By Bonifacio Taban Kuich
October 13, 2012 (BENTIU) - South Sudan’s ruling party - the Sudan People’s Liberation Movement (SPLM) - could loose elections in 2015 if corruption and nepotism are not addressed and funding is not improved, warns a senior party official in Unity State.
Franco Duoth Diu, the Chairman of the SPLM in Leer County said the party was starved of the money needed to campaign and motivate young people and the general public.
Some SPLM members in Unity State accuse SPLM Secretary General Pagan Amum of failing to raise funds for 10 state branches of the party, which has governed South Sudan since a 2005 peace deal.
Diu, who served as Commissioner of Leer County from 2009-2010, added that it was a shame that some counties within Unity State there are no SPLM offices as this hindered attempts to explain the party’s vision.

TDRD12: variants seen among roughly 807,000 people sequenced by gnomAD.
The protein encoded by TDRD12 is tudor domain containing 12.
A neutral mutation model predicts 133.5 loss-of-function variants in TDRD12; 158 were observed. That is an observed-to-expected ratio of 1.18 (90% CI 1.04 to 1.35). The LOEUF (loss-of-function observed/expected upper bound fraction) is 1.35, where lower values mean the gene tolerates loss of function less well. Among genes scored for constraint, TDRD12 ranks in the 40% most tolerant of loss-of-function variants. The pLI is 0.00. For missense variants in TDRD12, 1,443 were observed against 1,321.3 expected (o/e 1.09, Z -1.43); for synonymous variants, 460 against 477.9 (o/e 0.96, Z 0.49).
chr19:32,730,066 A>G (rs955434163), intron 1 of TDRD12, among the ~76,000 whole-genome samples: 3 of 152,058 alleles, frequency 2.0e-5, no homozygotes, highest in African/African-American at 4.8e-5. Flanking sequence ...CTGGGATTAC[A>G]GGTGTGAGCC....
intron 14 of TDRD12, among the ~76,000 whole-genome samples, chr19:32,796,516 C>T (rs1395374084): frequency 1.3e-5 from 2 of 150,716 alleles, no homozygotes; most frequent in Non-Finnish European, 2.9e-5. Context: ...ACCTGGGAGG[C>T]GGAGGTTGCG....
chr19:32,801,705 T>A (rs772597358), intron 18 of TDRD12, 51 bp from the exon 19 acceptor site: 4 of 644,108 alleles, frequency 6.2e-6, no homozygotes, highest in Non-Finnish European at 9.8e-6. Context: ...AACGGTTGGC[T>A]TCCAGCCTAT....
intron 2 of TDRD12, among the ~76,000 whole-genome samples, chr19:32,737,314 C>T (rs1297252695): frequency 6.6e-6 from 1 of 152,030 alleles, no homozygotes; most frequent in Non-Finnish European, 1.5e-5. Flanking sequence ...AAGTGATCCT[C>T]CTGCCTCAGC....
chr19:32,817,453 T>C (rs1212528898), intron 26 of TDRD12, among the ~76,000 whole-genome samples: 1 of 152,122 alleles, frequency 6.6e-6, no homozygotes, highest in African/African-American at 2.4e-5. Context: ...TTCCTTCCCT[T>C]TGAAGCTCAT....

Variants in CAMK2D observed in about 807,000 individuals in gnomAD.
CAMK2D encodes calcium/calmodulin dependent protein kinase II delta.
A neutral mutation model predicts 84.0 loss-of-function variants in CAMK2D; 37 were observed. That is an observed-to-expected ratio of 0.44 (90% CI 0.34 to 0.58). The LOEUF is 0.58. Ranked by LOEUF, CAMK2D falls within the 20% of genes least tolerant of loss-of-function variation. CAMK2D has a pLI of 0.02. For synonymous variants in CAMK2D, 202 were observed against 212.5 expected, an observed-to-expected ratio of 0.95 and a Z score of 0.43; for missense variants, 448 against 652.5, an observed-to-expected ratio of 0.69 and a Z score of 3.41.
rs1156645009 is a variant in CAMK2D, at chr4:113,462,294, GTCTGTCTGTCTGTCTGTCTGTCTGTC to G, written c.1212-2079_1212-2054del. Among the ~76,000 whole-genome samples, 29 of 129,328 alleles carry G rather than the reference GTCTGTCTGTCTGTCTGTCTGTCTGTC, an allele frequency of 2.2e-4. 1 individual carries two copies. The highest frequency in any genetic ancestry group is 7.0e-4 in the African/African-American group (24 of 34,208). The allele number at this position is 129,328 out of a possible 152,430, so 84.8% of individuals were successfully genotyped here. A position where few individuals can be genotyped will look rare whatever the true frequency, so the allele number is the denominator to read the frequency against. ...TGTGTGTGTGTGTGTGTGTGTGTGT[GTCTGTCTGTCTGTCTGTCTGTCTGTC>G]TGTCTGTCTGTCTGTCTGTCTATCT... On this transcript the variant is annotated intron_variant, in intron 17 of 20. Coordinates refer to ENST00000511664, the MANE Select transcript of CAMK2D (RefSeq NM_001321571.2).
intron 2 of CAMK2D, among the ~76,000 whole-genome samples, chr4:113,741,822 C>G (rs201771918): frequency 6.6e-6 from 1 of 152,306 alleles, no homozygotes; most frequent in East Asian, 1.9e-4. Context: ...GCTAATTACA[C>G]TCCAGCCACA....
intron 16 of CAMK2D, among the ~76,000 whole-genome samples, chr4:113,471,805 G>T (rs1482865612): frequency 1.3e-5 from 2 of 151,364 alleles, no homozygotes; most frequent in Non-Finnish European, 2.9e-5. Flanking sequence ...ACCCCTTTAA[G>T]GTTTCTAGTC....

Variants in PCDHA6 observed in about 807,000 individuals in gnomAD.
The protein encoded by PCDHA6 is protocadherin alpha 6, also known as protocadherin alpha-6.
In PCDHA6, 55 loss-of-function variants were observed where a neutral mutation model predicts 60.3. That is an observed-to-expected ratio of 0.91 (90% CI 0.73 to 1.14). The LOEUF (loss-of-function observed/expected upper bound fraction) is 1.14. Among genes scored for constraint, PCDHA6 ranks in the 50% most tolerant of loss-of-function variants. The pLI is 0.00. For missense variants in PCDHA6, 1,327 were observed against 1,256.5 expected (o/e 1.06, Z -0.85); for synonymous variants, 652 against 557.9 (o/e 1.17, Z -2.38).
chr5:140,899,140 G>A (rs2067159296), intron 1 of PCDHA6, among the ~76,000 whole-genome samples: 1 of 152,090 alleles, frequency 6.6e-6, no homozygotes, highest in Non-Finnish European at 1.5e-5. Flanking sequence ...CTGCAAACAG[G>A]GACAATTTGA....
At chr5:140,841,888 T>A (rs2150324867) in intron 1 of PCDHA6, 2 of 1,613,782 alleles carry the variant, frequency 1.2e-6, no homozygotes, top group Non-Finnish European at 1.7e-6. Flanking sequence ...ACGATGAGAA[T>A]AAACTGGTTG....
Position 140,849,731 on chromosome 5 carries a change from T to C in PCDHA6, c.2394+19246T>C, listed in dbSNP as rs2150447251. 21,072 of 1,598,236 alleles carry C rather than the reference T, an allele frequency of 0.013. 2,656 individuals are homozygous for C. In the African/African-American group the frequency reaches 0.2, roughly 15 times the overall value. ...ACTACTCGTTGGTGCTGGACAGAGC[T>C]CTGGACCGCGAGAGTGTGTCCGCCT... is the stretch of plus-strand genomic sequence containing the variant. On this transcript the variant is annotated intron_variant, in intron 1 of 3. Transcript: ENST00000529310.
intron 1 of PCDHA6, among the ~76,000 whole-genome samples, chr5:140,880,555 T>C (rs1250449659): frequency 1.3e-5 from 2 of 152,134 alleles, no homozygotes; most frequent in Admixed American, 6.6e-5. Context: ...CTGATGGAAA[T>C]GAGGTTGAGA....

In his interview with Sudan Tribune on Saturday in Bentiu town he accused some SPLM officials of being corrupt and of failing to deliver the objectives of the party and provide services to communities.
Diu said that if the party’s financial situation did not improve the SPLM could struggle in elections scheduled for 2015. The coming elections will be the first since South Sudan seceded from Sudan as part the landmark 2005 Comprehensive Peace Agreement (CPA) between the SPLM and Sudan’s ruling National Congress Party.
Elections in 2010, held as part of the CPA, saw the SPLM consolidate its base in South Sudan ahead of the referendum in January 2011 that paved the way for independence six months later.
However, Diu warned that the SPLM could lose the next elections if it does not address internal issues such as nepotism, favouristism and unequal political participation among its members in terms of appointments to official government positions.